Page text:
By Rebecca Wanjiku
African Internet Exchange Points have recorded a big increase in domestic bandwidth production, as a result of growth in sharing of Google cache, e-government services, local hosting infrastructure and services.
According to Packet Clearing House (PCH), Africa’s domestic bandwidth production grew by 145 percent, from 113Gigabits in April last year to 277 Gigabits in April this year. The number of IXPs also grew from 25 last year to 37 this year, a 48 percent increase.
“There is a general observation of significant traffic increase at IXPs where members have mutually agreed to share Google Cache and other CDN cache traffic; there is also considerable traffic being generated from e-government services, growth of local hosting services supported by the availability of local hosting infrastructure,” said Michuki Mwangi,
One of the fastest growing IXPs in Sub-Sahara Africa is NAPAfrica. It has three locations in South Africa; Johannesburg (Est. 2012), Cape Town (Est. 2012) and Durban (Est. 2014). NAP Africa Johannesburg records 20Gbps peak traffic, Cape Town has 5Gbps, while Durban has 100Mbps peaks traffic. Two NAPAfrica IXPs have recorded significant growth within a very short period. On the other hand, the INX operated by the South Africa ISP Association (ISPA) and also hosted in data centers in Johannesburg (JINX est. 1996), Cape Town (CINX est. 2009) and Durban (DINX est. 2012) have equally high traffic at JINX (14Gbps peak) and CINX (3.8Gbps peak) by the regions levels. However, it is of interest to observe that NAPAfrica’s two facilities have achieved higher traffic levels over a shorter time compared to the INX in similar locations.
“NAPAfrica is an IXP located in one of the few carrier neutral data center facilities in Africa operated by Teraco. As a result, NAPAfrica is in a prime location to attract membership from a diverse range of businesses collocated inside the carrier neutral facility. I believe that, the carrier neutral data-center factor has played a significant role in the impressive growth seen at NAPAfrica over a short period,” added Mwangi.
Considering that most carrier neutral DC’s are often served by major operators. It is likely that NAPAfrica’s growth is buoyed by its ability to easily connect and cross connect providers within the data centre and at high speed, without the need for procuring additional links with infrastructure operators.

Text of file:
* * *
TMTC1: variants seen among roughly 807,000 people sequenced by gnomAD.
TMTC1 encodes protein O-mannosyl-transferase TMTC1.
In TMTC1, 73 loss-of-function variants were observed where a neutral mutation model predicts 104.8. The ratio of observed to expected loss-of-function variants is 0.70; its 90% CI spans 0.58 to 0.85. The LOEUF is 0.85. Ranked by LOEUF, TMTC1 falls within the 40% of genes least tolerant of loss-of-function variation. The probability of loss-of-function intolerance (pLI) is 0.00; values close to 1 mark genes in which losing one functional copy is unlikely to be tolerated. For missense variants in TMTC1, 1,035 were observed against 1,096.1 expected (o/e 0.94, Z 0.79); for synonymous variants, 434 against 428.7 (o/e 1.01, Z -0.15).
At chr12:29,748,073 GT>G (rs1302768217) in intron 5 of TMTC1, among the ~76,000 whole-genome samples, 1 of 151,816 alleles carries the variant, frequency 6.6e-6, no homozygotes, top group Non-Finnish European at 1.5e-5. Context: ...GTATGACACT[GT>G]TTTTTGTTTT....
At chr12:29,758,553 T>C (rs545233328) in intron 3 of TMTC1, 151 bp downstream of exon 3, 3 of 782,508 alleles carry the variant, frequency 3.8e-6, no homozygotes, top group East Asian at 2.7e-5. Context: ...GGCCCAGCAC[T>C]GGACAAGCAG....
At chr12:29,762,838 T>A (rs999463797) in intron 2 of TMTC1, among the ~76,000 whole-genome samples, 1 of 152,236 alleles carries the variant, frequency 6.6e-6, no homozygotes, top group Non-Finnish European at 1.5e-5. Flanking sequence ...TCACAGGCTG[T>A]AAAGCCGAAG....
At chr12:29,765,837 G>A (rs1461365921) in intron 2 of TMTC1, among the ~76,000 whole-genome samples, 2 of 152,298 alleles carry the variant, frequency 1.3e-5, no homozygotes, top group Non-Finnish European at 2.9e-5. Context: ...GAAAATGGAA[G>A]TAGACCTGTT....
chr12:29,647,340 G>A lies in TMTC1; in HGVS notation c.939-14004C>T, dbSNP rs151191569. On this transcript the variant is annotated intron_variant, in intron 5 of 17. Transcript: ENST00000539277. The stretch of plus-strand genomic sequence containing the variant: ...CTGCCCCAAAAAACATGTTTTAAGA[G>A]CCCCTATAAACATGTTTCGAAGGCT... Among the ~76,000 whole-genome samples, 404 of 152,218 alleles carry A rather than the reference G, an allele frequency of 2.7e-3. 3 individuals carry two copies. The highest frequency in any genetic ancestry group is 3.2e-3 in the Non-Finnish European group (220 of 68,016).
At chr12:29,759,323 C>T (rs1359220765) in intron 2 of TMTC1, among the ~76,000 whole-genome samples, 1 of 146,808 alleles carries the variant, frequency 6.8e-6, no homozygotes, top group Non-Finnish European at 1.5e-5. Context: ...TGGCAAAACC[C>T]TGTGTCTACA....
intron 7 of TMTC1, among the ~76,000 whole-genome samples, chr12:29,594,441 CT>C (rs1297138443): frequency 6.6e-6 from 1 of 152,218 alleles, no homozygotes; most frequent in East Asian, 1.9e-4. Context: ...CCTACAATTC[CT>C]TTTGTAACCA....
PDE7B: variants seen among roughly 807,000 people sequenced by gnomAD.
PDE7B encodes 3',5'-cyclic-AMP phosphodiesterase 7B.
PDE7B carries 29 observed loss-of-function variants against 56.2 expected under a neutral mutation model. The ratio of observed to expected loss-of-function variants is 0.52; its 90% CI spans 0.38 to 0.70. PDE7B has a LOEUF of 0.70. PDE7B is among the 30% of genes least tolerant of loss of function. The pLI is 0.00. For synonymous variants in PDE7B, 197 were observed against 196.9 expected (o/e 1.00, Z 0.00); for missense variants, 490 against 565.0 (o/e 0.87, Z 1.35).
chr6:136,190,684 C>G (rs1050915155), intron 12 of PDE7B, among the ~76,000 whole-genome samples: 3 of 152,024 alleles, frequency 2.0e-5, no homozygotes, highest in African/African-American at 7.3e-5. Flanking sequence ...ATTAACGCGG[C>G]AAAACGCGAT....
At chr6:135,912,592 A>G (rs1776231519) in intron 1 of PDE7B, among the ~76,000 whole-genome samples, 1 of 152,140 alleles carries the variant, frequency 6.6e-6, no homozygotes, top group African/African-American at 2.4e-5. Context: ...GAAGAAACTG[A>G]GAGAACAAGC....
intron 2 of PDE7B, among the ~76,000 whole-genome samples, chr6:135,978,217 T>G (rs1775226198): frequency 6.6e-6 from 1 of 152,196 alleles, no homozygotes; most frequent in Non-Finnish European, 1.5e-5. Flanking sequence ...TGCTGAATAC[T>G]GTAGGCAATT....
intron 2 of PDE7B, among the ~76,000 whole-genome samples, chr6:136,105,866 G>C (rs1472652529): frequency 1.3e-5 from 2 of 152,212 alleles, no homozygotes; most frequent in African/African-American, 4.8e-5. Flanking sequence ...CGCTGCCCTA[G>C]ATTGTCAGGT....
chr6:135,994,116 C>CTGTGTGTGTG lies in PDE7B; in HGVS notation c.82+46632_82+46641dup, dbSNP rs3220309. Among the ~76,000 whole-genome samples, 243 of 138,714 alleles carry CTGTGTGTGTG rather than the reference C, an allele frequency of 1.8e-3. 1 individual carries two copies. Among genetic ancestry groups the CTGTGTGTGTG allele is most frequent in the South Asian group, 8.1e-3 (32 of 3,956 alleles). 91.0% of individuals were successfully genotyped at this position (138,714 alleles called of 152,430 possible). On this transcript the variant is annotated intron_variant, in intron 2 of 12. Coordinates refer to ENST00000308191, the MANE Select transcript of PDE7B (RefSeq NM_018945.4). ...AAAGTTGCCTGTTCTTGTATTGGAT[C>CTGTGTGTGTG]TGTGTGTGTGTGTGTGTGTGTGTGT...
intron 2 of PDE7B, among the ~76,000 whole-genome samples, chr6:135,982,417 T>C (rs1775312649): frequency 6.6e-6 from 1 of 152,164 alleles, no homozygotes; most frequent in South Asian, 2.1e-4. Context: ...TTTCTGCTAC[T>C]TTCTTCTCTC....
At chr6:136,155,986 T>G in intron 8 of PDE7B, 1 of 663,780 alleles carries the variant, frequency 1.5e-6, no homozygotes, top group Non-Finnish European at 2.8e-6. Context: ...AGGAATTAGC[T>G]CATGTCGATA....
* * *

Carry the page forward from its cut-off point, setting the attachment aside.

According to preliminary data from research being conducted by Africa IXP Association (AF-IX), 35 percent of the IXPs charge port fees (monthly/annual), which are considered a global best practice to ensure sustainability of the IXP operation. This position is enforced by the fact that 35% of the IXPs that do not charge are planning to implement fees in the future. If this would be considered it would be safe to say that soon, at least 70% of all the IXPs in region would be self-sustainable and capable of establishing themselves as regional hubs.
The survey also highlighted that majority of the IXPs (55%) have small networks and content friendly peering policies. These policies appear to be in line with the current level of development where most of the IXP members are small networks and are looking to attract content providers. Fifteen percent of the IXPs have bilateral peering which is friendly to large networks that prefer to have the choice of whom they interconnect with at the IXP. The remaining 30% of the respondent IXPs have less favorable peering policies that enforce peering for all IXP participants. The mandatory peering policies are often favored by startup IXPs to develop the peering culture. These policies tend to be reviewed as the IXP grows and members have a better understanding of the benefits of peering.
AF-IX was formed in 2013, to provide an enabling environment for IXP operators and to help IXPs maximize their value, to improve connectivity within the region and increase Internet’s value for all.
Even though the research shows growth and stability in terms of power back up and security in the IXP facilities, many IXPs are struggling to grow the number of networks peering and the capacity exchanged locally.
“To grow their capacity, the African IXP operators need to consider expanding the target market of the IXP membership to include a diverse range of non-traditional members such as banks, government networks, media, academia, research and education networks,” said Mwangi.
With the massive investments in ICT infrastructure, Mwangi says IXPs need to develop strategic partnerships with terrestrial infrastructure and submarine cable operators to provide suitable packages for connectivity to the IXP facility. This will serve as an incentive to connect the new diverse range of (local and cross-border) businesses to the IXP and with higher capacity.
Mwangi concluded that the notable growth in traffic exchanged at IXPs is a clear indication of the regions potential and future growth potential is dependent on the stakeholders ability to nature and leverage on the relationships formed within the IXP’s ecosystem.